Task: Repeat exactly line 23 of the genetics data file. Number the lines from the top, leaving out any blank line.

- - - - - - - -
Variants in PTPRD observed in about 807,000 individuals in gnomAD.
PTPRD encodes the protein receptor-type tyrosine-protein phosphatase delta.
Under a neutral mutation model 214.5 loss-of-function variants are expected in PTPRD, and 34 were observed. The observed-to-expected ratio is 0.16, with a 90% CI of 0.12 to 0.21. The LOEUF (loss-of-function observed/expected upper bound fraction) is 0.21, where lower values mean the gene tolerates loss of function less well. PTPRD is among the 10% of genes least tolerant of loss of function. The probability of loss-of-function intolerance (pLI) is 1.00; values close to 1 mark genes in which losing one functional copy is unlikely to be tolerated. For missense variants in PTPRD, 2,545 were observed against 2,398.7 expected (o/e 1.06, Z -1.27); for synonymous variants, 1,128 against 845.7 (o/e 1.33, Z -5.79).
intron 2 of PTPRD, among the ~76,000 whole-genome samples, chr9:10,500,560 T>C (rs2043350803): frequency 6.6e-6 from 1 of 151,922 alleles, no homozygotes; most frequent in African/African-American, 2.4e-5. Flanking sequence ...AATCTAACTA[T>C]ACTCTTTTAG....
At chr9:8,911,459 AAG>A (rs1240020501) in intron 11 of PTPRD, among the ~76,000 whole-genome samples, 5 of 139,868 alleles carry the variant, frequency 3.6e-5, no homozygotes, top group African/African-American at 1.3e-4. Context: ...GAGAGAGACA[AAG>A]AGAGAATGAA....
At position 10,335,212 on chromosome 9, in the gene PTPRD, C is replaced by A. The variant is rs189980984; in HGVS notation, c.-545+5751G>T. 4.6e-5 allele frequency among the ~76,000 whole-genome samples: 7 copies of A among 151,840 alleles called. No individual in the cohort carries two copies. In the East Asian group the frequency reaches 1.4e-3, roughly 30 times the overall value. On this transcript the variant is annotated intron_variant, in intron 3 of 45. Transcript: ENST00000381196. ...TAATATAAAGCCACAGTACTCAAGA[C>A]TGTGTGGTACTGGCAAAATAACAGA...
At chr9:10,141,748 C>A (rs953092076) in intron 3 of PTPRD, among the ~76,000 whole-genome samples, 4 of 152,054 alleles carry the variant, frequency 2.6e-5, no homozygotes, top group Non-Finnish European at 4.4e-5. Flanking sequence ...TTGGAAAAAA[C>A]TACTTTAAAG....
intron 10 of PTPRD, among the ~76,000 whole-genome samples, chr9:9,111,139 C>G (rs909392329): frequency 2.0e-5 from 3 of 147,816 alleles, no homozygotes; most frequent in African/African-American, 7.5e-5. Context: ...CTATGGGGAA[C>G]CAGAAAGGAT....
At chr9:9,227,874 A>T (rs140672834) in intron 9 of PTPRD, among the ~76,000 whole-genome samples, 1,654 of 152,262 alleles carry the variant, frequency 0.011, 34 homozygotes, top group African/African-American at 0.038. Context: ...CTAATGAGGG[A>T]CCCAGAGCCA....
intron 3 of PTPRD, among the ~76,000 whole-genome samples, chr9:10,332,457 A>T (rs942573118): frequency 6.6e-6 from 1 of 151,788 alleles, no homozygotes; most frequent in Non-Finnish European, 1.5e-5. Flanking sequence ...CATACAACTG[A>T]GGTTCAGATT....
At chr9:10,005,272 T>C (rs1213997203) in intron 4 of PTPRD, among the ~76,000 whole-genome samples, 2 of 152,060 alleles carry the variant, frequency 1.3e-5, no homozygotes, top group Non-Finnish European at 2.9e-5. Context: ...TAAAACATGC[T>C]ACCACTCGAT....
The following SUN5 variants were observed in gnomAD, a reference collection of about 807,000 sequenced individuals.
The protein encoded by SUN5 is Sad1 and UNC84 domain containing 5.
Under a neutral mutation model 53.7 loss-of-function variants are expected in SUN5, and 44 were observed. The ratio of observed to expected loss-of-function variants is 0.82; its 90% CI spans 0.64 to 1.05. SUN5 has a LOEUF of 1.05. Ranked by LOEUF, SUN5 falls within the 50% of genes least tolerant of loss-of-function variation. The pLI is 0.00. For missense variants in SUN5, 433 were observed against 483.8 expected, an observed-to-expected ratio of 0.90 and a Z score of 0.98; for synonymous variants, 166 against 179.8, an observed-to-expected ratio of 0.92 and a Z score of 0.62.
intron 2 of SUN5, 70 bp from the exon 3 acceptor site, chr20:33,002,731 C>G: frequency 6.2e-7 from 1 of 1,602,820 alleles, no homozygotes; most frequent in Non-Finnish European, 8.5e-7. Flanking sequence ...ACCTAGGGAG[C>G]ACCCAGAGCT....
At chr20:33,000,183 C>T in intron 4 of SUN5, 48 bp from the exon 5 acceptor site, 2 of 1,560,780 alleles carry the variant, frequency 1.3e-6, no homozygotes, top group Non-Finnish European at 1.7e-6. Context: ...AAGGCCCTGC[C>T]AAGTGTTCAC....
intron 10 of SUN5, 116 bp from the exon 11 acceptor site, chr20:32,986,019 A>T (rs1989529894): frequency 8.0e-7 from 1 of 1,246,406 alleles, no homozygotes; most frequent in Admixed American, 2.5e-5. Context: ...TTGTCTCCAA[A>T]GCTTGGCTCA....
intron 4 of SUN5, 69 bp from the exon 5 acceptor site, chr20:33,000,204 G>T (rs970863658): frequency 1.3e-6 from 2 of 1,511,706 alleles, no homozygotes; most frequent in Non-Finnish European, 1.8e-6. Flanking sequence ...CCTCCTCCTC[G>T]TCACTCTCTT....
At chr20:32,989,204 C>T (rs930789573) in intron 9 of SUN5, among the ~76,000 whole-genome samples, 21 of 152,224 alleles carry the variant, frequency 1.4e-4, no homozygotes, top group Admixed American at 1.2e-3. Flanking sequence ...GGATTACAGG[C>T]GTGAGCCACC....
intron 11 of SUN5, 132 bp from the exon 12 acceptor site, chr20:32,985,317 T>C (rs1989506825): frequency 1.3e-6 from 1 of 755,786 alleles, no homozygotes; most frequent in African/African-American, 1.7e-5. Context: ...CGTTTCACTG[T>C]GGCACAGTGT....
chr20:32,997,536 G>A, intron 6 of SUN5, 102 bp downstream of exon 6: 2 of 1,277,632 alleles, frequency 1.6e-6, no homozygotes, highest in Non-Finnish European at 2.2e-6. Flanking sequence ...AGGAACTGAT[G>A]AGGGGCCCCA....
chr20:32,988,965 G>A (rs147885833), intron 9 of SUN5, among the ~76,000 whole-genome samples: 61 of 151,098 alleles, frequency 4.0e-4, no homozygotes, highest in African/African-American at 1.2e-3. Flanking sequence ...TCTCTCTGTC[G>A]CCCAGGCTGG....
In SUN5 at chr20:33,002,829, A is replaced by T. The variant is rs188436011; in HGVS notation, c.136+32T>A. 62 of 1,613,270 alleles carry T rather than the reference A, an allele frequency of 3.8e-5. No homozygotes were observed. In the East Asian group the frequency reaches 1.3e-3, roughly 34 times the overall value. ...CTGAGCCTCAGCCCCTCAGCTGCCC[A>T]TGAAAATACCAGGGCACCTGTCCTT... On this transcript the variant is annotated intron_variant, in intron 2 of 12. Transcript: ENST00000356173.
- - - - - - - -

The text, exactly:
In SUN5 at chr20:33,002,829, A is replaced by T. The variant is rs188436011; in HGVS notation, c.136+32T>A. 62 of 1,613,270 alleles carry T rather than the reference A, an allele frequency of 3.8e-5. No homozygotes were observed. In the East Asian group the frequency reaches 1.3e-3, roughly 34 times the overall value. ...CTGAGCCTCAGCCCCTCAGCTGCCC[A>T]TGAAAATACCAGGGCACCTGTCCTT... On this transcript the variant is annotated intron_variant, in intron 2 of 12. Transcript: ENST00000356173.